February 7, 2019
If you’re providing routine care for an aging loved one, you’re not alone. According to the National Alliance for Caregiving and AARP, as many as 34.2 million Americans have provided unpaid care to an older adult in the last 12 months.
While serving as a caregiver is often a positive experience, it’s common to also have times of stress. Your role as primary caregiver for another person takes a lot of time and resources. That’s why it’s important to understand not only how to care for your loved one but also yourself. Ultimately, it will help you be a better caregiver.
In the first place, take time to think about how filling the role of caregiver affects your life and health. If you’re feeling stressed, tired, or burnt out, you may need a break. Stress affects your mood, sleep, and ability to focus. More importantly, chronic stress puts you at risk for numerous health concerns.
According to the American Psychological Association, the negative effects of caregiving may also extend beyond mental and physical health. When you’re feeling overwhelmed, you may take time away from school, work, or other activities. In the long-term, this could affect your career or relationships with others – only adding to your stress.
Different people manage the role of caregiver in different ways. So, make sure you have a plan to manage stress in a way that works best for you. You can’t care for your loved one well if you aren’t caring for yourself.
Many resources are available for caregivers. The AARP recommends starting by asking friends or family for support. If other loved ones aren’t close by or can’t help, you may consider hiring help. Services are available to help with everything from household tasks to caregiving duties.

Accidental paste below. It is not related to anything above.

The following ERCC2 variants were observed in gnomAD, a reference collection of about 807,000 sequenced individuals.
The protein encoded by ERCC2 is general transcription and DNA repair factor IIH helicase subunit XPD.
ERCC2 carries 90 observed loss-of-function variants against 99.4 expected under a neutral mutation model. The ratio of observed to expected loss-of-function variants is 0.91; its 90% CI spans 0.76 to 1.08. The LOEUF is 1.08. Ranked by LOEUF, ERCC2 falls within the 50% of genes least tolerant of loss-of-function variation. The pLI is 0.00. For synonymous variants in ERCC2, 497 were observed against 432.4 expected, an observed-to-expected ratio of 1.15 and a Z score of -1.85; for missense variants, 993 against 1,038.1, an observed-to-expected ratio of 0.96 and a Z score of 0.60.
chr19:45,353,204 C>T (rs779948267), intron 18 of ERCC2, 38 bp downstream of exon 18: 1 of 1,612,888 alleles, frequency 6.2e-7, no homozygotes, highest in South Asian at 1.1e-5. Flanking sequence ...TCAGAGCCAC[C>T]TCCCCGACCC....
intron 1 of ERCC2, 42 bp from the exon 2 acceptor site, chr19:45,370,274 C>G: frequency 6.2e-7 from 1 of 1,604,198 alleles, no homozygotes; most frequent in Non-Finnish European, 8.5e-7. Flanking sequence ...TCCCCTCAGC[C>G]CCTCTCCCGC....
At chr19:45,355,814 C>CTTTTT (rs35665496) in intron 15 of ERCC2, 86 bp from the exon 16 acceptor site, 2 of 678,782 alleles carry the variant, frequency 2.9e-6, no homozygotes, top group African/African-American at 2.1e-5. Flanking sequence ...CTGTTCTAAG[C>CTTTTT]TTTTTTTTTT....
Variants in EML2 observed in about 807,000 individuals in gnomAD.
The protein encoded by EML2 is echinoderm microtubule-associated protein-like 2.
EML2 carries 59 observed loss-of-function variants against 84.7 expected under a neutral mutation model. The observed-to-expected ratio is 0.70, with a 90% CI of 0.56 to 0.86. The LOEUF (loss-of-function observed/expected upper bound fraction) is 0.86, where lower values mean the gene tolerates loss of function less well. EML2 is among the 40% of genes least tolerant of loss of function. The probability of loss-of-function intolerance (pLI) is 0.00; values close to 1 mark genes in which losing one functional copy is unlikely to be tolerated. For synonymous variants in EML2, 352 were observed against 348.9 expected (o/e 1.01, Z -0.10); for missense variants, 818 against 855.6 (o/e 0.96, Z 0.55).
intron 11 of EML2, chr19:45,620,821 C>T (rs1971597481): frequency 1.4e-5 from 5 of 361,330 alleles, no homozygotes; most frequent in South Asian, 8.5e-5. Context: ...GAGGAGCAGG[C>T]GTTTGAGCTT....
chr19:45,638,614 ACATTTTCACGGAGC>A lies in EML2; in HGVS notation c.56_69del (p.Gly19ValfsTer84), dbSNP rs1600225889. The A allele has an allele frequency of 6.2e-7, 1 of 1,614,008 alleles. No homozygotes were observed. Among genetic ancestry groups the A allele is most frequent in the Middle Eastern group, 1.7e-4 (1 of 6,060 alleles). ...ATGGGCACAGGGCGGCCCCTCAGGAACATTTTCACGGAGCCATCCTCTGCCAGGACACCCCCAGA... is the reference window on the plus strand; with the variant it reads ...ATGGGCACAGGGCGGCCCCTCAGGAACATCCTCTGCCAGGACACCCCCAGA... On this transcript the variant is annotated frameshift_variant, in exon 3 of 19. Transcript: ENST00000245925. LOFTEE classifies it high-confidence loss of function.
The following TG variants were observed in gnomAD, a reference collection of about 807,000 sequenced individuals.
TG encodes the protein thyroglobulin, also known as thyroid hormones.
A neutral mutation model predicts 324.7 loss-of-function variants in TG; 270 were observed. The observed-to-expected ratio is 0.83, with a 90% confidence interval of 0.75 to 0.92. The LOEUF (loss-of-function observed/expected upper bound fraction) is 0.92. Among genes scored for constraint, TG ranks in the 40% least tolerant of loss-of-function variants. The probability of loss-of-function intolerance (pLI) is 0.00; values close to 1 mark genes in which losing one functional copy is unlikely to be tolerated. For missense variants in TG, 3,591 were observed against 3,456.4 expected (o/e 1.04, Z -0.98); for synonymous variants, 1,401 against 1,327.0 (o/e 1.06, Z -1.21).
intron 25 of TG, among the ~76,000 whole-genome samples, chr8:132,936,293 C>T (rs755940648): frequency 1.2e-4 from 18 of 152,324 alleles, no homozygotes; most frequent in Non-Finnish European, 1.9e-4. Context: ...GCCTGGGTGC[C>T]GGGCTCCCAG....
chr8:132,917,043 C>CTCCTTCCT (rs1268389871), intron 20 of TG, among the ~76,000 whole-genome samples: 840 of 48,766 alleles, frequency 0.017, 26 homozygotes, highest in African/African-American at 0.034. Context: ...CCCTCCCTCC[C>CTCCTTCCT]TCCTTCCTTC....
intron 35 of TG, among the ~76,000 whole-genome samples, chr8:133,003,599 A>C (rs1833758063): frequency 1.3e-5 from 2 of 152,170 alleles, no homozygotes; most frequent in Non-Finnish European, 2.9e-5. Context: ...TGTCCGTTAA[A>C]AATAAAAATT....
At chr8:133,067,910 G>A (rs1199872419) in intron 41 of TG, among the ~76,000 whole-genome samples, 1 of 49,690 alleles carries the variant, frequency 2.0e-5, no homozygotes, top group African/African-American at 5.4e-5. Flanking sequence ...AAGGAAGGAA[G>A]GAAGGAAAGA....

Additionally, caregivers often find it beneficial to join an in-person or online support group to share concerns. Here you can find others with common experiences and get recommendations for support or care resources. Finally, scheduling routine respite care is essential to avoiding burnout and giving yourself time away.
Respite care simply means you turn over the duties of caregiving to someone else for a time. Programs offering respite care provide your loved one a temporary stay at a place that cares for their needs. This provides you much deserved time to take a break from caregiving. In some cases, respite care may be an afternoon, a couple of days, or a week. However, others may need more extended respite care.
Benefits may include:
The amount of time and type of respite care is up to you and your needs. But, no matter what you choose, be sure you make it a priority. In the end, respite care benefits both you and the person you care for daily.
At Monticello West, our Spring Break Respite Program gives you time for yourself. Read more about our short-term, respite program or call (214) 528-0660 to schedule a virtual tour.
“Mom loves her apartment. It’s nicely painted and carpeted, and the size is perfect for her. She has a living room area with a full-size couch and chairs, so she can entertain guests. I visit a couple of times a week, and my husband swings by on other days. My son stops by every few weeks, too. Mom has her own space that looks and feels like home. Every time I’m there, she just seems contented. ”
“The minute I entered the community I liked what I saw, but it didn’t stop there. I’ve visited other communities where the furniture was lovely in the main areas and when you proceeded down the hallways, it was a different scenario. But as we continued to look around at Monticello West, I thought: This is pleasant! ”
“The staff is caring and genuine. From the beginning, we didn’t feel like we were being processed, date-stamped and handed off to the next person. The community must have an exceptional hiring process, because I have yet to find someone there who isn’t qualified, doesn’t respect me or that I don’t enjoy. The caregivers are polite, and perhaps most important, I trust them.”